Sunday, March 7, 2010

HerStory: Lorena Barros

The role of femininity is often mistakenly defined by words such as passive, demure, submissive. Fortunately for us all, Philippine heroine Lorena Barros single handedly shatters these conventional ideas and redefines femininity in a way that makes the very word synonymous to warrior. Poet, activist, and co-founder of Makibaka, a women's militant organization, Barros is the very epitome of fierce. Active during a period of leftist unrest dubbed notoriously as the First Quarter Storm, Barros led the movement that defined the "New Filipina", serving as an inspiration for all women who know what they stand, live, and fight for.

In the 1970's, when the Philippines was under the rule of the Ferdinand Marcos regime (yes, the husband of the infamous Imelda), Martial Law was imposed to the entire country. Declaring martial law meant shutting down most freedoms of speech, media, and civil liberties, provoking more unrest from a people who has known a presidency and a government wrought with accusations of corruption. Barros, a radicalized intellectual, gathered a fellowship to spark a movement to not only fight for freedom, but to lead a woman's liberation movement that encouraged new roles for Filipinas as warriors, fighters, and adamant defenders of their rights.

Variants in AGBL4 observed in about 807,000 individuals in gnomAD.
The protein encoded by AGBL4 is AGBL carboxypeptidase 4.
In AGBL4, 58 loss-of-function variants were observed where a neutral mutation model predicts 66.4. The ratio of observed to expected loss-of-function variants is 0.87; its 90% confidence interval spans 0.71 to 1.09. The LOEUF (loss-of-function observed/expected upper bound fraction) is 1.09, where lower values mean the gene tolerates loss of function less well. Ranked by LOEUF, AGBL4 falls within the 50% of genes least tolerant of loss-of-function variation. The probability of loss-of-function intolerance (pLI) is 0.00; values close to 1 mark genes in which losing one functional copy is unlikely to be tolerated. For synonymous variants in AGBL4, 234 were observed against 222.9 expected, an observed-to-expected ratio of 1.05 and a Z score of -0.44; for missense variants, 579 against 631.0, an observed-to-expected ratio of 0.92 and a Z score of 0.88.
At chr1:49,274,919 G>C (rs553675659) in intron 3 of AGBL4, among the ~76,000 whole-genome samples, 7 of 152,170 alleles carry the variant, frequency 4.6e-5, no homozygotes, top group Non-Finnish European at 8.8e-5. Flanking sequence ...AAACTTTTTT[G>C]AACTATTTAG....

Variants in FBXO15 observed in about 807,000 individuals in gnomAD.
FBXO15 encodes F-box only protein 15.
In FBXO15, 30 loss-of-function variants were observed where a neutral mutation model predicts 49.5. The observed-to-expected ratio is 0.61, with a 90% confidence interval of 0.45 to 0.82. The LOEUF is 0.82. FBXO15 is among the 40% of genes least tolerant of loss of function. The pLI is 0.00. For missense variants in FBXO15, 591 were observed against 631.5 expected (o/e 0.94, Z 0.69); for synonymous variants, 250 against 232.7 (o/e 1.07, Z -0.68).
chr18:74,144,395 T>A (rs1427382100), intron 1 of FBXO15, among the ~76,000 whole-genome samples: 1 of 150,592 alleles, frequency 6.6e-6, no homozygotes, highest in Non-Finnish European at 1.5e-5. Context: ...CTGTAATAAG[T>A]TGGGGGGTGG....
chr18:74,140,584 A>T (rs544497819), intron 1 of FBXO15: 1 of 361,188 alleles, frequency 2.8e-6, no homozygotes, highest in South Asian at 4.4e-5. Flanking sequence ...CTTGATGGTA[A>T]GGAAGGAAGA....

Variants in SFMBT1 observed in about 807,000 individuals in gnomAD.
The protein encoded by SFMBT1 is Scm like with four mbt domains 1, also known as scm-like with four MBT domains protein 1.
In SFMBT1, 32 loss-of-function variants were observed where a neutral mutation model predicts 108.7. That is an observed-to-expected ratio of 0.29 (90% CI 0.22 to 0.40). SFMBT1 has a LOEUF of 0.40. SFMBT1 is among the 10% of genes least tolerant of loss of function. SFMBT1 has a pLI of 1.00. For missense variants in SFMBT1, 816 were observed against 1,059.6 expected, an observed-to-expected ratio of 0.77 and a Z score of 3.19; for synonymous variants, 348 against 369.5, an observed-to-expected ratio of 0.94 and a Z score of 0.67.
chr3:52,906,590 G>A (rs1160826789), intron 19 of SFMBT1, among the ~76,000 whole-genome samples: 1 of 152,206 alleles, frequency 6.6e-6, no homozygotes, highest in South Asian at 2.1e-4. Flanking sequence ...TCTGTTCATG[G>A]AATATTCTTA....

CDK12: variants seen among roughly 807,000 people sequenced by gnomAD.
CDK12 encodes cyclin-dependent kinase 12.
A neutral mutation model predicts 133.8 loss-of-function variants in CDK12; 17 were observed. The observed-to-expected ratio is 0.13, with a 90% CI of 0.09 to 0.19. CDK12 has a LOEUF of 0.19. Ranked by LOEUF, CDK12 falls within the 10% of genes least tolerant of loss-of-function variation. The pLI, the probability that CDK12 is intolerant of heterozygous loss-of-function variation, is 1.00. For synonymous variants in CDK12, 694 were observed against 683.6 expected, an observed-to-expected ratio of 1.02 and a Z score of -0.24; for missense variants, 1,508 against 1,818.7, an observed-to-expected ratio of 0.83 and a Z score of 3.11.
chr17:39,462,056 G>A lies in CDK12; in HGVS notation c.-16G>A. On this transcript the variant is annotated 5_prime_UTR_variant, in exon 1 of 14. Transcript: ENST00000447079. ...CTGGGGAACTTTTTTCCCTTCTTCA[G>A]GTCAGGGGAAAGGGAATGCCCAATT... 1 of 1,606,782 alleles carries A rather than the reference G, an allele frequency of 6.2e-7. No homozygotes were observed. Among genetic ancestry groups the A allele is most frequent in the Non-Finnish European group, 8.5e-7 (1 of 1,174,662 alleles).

“We are suffering from a feudal sense of values in which women are considered adjuncts of the home—for the children, for the kitchen and for the bed…We are not trying to put down these traditional roles, we just want more active involvement from the Filipino women,”- Lorena Barros

Only in her 20's, Barros was well ahead of her time! In addition to being a founder of Makibaka, she also joined the New People's Army to become a guerrilla fighter, further solidifying her role as a warrior in a movement that fought for democracy. On March 24, 1976, government troops raided a hut in Barros' village, where she met her untimely death at the young age of 28. It is believed that she insisted her comrades to hike up to higher grounds for protection while she, the central command, insisted on waiting for another to return.

Her nobility and courage? Female power at it's best, indeed.

No comments: